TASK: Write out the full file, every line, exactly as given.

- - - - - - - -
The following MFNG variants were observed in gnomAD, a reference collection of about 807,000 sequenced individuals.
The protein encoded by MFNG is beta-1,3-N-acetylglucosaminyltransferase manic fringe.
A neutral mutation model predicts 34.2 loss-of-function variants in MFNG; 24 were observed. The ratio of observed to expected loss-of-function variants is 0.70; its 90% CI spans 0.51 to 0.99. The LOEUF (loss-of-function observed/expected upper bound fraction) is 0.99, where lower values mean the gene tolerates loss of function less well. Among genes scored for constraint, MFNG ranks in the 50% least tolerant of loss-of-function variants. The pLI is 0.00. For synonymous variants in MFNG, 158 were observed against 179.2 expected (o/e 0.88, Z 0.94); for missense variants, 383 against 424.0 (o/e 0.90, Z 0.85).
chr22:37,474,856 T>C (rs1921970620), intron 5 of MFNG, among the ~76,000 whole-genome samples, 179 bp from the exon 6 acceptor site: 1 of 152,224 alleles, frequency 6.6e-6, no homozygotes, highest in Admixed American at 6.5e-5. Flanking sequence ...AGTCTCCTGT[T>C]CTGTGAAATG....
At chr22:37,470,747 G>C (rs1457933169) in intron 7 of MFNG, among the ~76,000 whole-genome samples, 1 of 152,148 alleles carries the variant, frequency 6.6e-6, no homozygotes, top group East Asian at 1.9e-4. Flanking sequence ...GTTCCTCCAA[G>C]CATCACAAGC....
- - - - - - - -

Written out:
The following MFNG variants were observed in gnomAD, a reference collection of about 807,000 sequenced individuals.
The protein encoded by MFNG is beta-1,3-N-acetylglucosaminyltransferase manic fringe.
A neutral mutation model predicts 34.2 loss-of-function variants in MFNG; 24 were observed. The ratio of observed to expected loss-of-function variants is 0.70; its 90% CI spans 0.51 to 0.99. The LOEUF (loss-of-function observed/expected upper bound fraction) is 0.99, where lower values mean the gene tolerates loss of function less well. Among genes scored for constraint, MFNG ranks in the 50% least tolerant of loss-of-function variants. The pLI is 0.00. For synonymous variants in MFNG, 158 were observed against 179.2 expected (o/e 0.88, Z 0.94); for missense variants, 383 against 424.0 (o/e 0.90, Z 0.85).
chr22:37,474,856 T>C (rs1921970620), intron 5 of MFNG, among the ~76,000 whole-genome samples, 179 bp from the exon 6 acceptor site: 1 of 152,224 alleles, frequency 6.6e-6, no homozygotes, highest in Admixed American at 6.5e-5. Flanking sequence ...AGTCTCCTGT[T>C]CTGTGAAATG....
At chr22:37,470,747 G>C (rs1457933169) in intron 7 of MFNG, among the ~76,000 whole-genome samples, 1 of 152,148 alleles carries the variant, frequency 6.6e-6, no homozygotes, top group East Asian at 1.9e-4. Flanking sequence ...GTTCCTCCAA[G>C]CATCACAAGC....